The Prince of Wales' Duchy Originals food label is to go into partnership with supermarket chain Waitrose, letting it exclusively stock its range.
The royal firm says the move is about securing investment for the organic food company - and not because it is struggling in the recession.
Duchy Originals' profits, which fund The Prince's Charities foundation, have fallen sharply during the downturn.
Prince Charles said he hoped the tie-up would help expand his project.
He said: "When I think back to 19 years ago when we launched the first oaten biscuits there were large headlines saying 'Shop-soiled Royal'.
"So in an even more soiled capacity I am here today just to say this is a really proud moment because Waitrose is one of the great British stores."
Waitrose's managing director Mark Price said millions will be invested into developing the Duchy brand.
Duchy Originals made no profit in the last financial year and just £57,400 in the 12 months to March 2008, down from £1.5m in 2007.
However, Sir Michael Peat, the prince's principal private secretary, stressed the retailer was not "bailing out" the firm but helping it move to the "next level" by offering the reserves it needs to expand.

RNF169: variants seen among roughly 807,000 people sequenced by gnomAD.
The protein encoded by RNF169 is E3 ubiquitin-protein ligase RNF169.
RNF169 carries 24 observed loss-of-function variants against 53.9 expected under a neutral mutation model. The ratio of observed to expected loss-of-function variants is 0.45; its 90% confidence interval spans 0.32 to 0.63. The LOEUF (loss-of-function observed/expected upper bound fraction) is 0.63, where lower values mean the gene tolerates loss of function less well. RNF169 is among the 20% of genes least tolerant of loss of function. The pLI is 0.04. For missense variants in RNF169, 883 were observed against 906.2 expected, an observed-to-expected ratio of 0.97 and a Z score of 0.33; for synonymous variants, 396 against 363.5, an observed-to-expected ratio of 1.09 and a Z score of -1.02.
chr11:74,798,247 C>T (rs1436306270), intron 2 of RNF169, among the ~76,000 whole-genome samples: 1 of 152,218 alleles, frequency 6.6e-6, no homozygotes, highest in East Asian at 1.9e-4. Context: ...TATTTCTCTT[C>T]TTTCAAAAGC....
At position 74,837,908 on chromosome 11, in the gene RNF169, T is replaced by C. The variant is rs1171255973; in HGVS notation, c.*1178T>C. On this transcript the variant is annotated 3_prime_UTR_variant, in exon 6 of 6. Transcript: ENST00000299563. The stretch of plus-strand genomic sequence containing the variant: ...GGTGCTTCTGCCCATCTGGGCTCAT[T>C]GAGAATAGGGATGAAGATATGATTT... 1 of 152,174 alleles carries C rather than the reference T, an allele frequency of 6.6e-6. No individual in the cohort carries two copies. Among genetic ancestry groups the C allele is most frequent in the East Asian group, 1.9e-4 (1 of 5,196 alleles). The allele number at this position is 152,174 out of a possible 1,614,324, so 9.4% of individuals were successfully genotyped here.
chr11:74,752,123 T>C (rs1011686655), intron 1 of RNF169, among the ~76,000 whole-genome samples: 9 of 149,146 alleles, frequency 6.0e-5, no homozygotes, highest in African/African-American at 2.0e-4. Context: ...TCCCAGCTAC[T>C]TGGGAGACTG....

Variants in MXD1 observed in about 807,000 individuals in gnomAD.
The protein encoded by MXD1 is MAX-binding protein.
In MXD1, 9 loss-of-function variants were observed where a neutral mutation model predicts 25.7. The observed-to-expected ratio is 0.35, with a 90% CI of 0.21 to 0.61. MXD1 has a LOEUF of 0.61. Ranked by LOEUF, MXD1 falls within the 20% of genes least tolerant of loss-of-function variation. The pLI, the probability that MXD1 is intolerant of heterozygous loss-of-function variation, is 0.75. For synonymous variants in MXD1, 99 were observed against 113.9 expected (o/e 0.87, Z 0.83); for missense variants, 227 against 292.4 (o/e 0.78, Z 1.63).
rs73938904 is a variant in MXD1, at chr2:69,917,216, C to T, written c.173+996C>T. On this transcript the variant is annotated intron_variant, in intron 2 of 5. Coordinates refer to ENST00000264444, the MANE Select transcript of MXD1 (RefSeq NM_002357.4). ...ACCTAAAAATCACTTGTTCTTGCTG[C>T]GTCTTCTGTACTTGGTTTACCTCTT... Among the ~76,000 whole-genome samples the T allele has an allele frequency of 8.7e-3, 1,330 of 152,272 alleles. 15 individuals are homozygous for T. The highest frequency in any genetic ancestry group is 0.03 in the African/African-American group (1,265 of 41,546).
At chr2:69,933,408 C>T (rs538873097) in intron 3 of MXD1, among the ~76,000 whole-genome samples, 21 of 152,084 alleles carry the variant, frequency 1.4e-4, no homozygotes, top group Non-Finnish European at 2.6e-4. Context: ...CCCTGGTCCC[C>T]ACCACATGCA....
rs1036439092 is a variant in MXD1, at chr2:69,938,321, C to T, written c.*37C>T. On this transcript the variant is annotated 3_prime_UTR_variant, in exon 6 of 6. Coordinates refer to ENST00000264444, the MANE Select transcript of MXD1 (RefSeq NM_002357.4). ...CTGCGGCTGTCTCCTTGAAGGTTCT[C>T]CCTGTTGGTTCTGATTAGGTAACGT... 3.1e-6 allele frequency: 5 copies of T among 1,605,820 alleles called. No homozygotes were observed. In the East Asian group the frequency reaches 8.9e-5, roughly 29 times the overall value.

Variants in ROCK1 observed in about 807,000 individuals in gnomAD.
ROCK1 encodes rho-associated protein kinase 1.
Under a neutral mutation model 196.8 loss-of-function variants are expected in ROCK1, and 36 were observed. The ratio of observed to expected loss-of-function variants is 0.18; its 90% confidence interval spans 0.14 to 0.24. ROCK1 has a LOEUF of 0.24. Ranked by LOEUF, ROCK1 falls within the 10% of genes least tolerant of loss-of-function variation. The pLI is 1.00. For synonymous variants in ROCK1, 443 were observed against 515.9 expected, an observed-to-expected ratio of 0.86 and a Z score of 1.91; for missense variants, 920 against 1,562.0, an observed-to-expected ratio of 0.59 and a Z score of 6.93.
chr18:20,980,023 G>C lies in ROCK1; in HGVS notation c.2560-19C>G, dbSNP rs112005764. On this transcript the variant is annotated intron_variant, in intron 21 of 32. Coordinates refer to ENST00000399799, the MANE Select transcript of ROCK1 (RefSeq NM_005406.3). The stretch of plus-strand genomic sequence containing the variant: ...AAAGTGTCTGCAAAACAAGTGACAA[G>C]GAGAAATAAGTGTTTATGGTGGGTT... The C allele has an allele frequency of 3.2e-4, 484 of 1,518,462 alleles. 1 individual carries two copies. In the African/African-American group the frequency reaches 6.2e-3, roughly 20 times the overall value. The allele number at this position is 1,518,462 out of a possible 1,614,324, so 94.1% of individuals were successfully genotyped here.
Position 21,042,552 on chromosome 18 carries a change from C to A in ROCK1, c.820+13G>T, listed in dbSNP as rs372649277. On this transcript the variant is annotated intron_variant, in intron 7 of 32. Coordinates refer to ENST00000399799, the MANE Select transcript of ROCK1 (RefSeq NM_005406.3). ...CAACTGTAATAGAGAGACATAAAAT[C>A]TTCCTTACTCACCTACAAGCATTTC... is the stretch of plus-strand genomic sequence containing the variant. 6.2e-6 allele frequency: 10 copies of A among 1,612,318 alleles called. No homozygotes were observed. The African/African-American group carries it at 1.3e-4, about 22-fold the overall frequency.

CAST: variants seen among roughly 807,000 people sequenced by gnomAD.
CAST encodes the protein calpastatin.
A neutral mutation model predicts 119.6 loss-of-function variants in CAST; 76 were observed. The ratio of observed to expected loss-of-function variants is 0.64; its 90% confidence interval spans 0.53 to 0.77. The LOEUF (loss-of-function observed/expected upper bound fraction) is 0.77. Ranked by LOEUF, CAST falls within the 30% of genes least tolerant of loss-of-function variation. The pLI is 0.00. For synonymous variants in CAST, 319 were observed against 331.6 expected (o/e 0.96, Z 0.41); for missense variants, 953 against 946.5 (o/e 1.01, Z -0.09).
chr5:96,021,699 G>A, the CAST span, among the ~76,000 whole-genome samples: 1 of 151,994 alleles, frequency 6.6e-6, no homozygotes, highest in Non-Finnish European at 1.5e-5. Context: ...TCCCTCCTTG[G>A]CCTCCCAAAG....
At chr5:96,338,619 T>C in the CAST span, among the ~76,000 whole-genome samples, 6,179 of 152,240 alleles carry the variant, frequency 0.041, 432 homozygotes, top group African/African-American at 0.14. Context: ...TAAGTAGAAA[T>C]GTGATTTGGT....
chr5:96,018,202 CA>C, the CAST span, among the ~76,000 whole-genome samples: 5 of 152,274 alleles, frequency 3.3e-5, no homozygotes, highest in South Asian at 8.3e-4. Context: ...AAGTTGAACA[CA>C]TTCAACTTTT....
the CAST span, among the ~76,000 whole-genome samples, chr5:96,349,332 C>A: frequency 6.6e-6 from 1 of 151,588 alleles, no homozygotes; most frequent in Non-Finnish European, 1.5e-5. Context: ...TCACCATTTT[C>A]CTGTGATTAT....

The partnership, which begins on 1 October, will give the high-end supermarket chain exclusive rights to originate, manufacture, distribute and sell Duchy products in the UK.
It aims to expand the range from 200 products to around 500 and will pay a royalty to Duchy Originals on all wholesale and retail sales.
The new partnership will see the head office of the prince's firm close and move into Waitrose buildings but will involve no redundancies among the 15 members of staff, the firm said.
Later the prince and the Duchess of Cornwall toured a Waitrose store in Belgravia, close to their Clarence House home in central London.
The duchess bought a selection of goods, which she planned to share with children at a community project in south London, and chatted to checkout worker Stella Amadasun.
At one point, the prince joked about the items she had bought which were produced by his company, saying: "It's like coals to Newcastle."